The Pisauridae are big wolf spiders with good eyesight. They hunt freely in low vegetation or on and in the water. At rest, they take a distinctive posture: they keep the two front pairs of legs close together while stretched outwards.
The females make fairly large, round egg sacs, which they carry with them between their chelicerae. Seven species occur in Europe.
These spiders are found in the proximity of water. The spiders primarily feed on large insects such as dragonflies and also small fish that they sometimes go after underwater. It is repeatedly observed that frogs were caught.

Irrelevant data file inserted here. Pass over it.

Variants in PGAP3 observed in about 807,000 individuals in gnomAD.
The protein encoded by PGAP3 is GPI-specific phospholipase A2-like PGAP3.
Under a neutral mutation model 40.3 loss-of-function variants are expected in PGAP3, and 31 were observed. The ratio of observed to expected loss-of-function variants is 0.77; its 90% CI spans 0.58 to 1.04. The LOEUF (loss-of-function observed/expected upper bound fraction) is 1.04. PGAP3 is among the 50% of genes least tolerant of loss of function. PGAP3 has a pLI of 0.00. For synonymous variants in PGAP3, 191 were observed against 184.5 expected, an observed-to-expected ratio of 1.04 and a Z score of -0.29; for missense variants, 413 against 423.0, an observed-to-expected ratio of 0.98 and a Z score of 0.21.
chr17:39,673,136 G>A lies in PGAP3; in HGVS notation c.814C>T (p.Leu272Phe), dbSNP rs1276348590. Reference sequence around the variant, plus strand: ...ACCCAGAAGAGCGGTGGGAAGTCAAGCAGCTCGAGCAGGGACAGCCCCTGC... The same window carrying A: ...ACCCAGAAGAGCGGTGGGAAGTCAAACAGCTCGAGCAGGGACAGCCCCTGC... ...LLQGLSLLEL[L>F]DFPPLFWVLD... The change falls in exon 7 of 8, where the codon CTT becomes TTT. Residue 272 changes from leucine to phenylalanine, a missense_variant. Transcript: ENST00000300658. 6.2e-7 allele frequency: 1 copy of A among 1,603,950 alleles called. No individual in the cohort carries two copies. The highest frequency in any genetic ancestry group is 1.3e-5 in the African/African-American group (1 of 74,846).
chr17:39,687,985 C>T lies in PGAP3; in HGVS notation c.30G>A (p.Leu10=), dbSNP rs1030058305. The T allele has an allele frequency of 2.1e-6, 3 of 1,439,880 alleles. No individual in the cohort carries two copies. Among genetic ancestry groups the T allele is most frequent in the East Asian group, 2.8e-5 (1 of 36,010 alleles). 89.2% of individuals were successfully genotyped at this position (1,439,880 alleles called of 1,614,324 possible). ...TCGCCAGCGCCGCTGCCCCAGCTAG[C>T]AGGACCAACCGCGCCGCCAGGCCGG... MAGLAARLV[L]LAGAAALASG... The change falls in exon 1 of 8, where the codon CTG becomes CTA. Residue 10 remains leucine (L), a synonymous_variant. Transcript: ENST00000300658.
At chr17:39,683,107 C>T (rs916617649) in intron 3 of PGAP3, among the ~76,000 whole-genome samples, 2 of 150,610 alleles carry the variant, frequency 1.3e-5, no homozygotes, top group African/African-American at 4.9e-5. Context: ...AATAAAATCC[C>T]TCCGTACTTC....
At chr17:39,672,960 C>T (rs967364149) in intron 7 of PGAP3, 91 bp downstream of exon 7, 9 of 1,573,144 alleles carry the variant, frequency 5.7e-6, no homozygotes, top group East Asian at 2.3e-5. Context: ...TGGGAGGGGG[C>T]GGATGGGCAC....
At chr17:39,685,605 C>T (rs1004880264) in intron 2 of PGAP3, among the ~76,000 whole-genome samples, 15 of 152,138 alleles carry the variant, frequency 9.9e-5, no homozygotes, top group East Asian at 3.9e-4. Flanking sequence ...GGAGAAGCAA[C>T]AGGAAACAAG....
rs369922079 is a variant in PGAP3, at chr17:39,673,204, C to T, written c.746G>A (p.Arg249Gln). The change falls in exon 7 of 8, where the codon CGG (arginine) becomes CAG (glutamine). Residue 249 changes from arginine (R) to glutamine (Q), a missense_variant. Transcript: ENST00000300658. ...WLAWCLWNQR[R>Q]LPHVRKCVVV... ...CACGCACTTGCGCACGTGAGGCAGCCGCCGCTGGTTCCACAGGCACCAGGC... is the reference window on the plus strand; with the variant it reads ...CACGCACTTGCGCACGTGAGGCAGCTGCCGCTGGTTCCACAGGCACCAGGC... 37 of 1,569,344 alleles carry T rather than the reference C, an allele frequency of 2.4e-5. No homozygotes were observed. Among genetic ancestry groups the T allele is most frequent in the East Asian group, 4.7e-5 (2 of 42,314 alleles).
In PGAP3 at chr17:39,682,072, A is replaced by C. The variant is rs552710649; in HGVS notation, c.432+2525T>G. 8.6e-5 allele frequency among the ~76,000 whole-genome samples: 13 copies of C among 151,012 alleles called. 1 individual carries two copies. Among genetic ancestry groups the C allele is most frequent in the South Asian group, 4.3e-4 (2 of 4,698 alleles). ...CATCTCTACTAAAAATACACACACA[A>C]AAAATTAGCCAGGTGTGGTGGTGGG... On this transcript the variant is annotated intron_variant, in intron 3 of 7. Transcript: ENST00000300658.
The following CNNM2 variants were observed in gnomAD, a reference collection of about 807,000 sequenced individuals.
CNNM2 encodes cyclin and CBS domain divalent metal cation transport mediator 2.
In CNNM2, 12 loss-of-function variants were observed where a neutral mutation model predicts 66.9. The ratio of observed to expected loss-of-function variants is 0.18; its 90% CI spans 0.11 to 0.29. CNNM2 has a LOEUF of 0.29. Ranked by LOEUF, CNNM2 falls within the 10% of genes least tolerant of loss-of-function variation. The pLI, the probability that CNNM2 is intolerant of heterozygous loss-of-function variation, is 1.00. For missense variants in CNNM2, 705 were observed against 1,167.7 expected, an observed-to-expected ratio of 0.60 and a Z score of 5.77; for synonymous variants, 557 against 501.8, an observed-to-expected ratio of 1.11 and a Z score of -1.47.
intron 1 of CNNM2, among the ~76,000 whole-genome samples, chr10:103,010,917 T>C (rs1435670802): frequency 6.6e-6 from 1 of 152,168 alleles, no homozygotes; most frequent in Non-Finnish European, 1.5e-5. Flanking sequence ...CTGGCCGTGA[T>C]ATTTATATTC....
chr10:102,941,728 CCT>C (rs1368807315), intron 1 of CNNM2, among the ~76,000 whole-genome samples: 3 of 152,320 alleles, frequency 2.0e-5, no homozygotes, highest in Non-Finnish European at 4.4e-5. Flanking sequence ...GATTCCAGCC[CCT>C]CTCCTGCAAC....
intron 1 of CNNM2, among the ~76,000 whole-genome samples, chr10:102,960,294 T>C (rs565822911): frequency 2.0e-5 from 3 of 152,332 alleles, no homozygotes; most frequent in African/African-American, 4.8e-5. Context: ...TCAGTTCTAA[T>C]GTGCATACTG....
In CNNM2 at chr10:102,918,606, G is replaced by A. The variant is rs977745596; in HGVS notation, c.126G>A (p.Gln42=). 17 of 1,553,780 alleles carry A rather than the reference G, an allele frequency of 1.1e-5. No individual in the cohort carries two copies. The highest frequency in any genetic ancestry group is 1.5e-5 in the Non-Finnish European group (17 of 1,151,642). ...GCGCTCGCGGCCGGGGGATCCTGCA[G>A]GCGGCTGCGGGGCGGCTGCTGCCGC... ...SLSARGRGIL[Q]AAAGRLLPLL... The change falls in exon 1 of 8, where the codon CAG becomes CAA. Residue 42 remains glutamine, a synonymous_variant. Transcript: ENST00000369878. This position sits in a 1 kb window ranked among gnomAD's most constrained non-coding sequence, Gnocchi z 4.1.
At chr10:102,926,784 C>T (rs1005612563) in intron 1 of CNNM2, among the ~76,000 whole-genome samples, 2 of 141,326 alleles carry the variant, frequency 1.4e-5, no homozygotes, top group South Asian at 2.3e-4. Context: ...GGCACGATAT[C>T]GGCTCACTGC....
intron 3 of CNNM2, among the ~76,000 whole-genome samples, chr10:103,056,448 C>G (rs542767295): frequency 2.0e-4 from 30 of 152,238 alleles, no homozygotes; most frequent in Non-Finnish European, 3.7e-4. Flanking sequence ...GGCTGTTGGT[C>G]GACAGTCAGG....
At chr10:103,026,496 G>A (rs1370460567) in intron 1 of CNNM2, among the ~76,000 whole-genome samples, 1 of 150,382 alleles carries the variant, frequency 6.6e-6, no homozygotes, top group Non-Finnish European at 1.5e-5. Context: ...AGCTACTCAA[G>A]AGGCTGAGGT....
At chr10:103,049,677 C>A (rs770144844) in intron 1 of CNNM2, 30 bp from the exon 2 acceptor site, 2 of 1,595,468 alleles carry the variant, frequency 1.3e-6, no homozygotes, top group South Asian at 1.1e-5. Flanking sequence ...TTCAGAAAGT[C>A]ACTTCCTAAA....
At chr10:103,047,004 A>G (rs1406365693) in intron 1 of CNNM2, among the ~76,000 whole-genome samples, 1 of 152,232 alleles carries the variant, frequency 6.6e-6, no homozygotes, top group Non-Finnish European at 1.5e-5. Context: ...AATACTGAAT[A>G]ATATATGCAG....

To detect prey the spiders lie still with their front legs on the water surface.
Young spiders are often seen in large numbers in drier places than adult animals, for instance in bushes and trees.
Pisaura hunts in low vegetation and on the ground. When mating, the male gives the female a “wedding gift” in the form of a carefully spun prey. If the female accepts the gift and will eat, the male starts mating. If the male won’t find a willing female within 24 hours, he eats the prey himself.